The *Third* Thursday in November: A Reflection on Beaujolais Nouveau
At 12:01 AM, French time yesterday, Beaujolais Nouveau wines from this year’s vintage are released, just weeks after fermentation is complete. Obviously, there’s a huge party. The most well known event started Wednesday evening and will continue through Sunday in the town of Beaujeu.
Admittedly, this post was a bit of an afterthought. I blame it being so close to Thanksgiving. If we had our act together, we’d have jumped on the bandwagon and had it out yesterday like everyone else. But the celebration is still going in France, and about 120 other recognized events around the world take part in this celebration, so we think it’s worth at least a mini piece!
Beaujolais Nouveau, made in the Beaujolais region of France from the Gamay grape. It is a light and fruity wine made in the method of Carbonic Maceration and is released each year, the same year of the vintage, on the third Thursday of November.
*Rather than immediately crushing the grapes to extract tannin and color, fermentation in the Carbonic Maceration method requires the whole clusters to be placed in a tank filled with CO2. Fermentation begins inside the whole berries, converting some of the sugars to alcohol, and also producing some fruity aromas. Eventually the weight of the fruit on top will crush the actively fermenting berries and clusters underneath, which then burst, releasing juices, and the carbonic maceration that has started in the tank is now part Carbonic and part traditional fermentation.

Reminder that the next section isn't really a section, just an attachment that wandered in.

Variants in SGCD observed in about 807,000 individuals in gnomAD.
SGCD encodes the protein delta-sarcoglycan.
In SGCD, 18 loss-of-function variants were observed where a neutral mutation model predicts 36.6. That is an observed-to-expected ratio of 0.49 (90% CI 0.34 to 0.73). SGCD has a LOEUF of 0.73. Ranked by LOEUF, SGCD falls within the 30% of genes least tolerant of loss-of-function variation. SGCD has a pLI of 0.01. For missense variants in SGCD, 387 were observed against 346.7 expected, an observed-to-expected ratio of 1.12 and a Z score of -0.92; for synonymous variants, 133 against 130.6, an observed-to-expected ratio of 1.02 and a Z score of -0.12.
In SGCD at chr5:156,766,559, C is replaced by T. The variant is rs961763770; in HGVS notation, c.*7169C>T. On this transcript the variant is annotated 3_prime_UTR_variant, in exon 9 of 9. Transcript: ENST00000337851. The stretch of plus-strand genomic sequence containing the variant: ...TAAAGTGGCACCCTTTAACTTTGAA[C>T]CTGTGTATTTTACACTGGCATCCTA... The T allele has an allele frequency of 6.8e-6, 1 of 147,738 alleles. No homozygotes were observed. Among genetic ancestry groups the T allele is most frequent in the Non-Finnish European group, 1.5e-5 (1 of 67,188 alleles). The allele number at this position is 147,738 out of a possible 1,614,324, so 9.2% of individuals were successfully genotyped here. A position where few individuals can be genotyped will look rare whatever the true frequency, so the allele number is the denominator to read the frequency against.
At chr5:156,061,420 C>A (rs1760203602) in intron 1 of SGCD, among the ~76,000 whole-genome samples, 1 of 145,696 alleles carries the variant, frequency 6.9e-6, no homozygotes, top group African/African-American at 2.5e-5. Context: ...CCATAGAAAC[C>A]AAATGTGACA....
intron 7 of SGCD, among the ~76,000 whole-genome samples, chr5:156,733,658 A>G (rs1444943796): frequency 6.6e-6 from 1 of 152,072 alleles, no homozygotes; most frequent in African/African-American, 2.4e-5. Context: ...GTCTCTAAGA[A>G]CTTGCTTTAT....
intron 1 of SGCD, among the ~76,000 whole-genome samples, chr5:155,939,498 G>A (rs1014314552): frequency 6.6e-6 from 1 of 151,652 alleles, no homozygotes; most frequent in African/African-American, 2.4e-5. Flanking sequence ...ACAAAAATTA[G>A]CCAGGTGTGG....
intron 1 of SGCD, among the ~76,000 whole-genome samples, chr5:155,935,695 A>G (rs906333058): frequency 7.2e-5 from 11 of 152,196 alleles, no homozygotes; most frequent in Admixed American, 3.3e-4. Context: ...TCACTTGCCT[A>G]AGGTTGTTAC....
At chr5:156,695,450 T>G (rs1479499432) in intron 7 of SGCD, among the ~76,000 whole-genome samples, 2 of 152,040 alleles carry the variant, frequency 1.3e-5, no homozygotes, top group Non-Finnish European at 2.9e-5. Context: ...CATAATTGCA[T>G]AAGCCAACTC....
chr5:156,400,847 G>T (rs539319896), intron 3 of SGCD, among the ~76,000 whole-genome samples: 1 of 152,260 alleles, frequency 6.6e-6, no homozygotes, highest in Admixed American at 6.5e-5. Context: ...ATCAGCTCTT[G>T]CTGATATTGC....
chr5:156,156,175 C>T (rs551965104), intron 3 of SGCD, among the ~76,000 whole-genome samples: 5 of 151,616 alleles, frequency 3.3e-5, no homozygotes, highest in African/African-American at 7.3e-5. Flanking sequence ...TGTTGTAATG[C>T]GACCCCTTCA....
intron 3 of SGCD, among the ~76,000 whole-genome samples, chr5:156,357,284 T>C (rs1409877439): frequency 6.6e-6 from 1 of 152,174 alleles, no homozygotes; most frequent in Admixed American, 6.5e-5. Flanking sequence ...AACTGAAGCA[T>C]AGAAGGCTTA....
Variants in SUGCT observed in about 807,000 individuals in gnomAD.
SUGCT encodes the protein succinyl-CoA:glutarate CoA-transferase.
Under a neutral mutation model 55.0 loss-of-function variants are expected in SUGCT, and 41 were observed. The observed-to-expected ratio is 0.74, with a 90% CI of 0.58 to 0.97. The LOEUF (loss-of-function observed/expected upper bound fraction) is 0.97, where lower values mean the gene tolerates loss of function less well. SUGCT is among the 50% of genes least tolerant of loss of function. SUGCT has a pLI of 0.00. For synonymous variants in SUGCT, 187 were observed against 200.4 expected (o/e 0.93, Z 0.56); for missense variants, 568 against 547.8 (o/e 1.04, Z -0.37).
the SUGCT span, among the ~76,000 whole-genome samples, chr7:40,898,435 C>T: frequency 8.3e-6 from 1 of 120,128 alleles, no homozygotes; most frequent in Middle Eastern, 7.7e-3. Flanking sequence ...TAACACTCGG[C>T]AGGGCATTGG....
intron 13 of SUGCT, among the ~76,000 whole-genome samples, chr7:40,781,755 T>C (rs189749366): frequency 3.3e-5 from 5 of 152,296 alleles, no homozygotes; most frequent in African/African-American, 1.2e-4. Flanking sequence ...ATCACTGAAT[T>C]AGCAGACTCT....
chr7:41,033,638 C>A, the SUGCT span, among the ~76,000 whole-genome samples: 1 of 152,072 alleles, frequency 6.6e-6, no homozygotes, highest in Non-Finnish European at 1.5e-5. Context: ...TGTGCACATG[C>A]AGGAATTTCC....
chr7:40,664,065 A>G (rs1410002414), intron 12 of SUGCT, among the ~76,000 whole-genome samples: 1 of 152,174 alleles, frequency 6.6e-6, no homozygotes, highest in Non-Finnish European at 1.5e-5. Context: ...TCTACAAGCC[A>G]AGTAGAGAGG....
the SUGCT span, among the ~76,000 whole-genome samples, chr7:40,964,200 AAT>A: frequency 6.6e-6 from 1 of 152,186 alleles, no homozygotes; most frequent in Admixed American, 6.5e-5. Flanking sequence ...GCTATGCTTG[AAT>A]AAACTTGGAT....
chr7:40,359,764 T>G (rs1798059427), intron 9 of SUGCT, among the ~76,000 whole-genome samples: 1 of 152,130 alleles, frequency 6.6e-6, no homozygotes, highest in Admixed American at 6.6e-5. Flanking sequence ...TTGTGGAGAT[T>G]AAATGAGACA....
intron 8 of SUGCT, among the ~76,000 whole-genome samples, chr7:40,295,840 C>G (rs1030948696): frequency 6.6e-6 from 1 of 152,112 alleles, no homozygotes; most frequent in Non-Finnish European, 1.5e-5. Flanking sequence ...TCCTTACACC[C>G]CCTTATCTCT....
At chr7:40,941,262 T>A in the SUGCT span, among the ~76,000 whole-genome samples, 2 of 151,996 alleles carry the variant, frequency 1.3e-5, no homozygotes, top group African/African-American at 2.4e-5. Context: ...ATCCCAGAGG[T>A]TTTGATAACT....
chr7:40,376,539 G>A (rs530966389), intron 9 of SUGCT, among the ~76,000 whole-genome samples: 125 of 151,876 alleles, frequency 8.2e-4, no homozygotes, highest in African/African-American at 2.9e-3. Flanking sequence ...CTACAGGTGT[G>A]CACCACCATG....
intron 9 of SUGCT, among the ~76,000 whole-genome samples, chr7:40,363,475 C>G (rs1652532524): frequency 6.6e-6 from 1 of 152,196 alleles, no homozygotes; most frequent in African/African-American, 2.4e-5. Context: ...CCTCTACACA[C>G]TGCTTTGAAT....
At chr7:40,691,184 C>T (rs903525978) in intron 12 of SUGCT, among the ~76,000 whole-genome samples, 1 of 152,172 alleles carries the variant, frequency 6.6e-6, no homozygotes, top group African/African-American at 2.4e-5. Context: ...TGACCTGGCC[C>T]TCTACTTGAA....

Beaujolais is just north of Lyon and actually overlaps both Burgundy and the Rhone. It’s around 35 miles long and only seven to nine miles wide with 12 appellations
It’s history, however, is only about one hundred years old and was made famous by a very well known wine merchant and producer in the region, Georges Duboeuf, is rumored to be the marketing brains behind the success and popularity of Beaujolais Nouveau. Afterall, the wine ferments quickly, does not require aging in barriques and can be sold relatively young for a decent price, which is not bad for the growers’ post-harvest cash flow!
It had been suggested that a race into Paris bringing the brand new vintage of Beaujolais Nouveau would be a great idea to attract the attention of the media. The annual race grew into not only a national French event in the 1970s, but became contagious and expanded into other European countries in the next decade, and finally to North America and Asia in the 90s, where parties and tastings are held all weekend long. Back in Beaujeu, this 5-day all nighter festival, Les Sarmentelles, includes music, dancing eating, and, of course, tasting!
Nothing like a bottle of Beaujolais to ease the weekend-before-T-Day nerves!
In our last post, we did mention the Fleurie, but both Beaujolais and Beau-Nouveau can absolutely accompany T-Day dinner, and fall cuisine in general. Included in the flavor profile are bright fruits like strawberry and raspberry, banana, but also a fun bubblegum-like characteristic which is a dead giveaway of the Nouveau. Drink it just a bit chilled, and because of its bright acidity and low tannins, it can go with huge variety of foods, including lighter fared meats, appetizers, savory herbed foods, as well as pasta, fresh veggies, you get the point!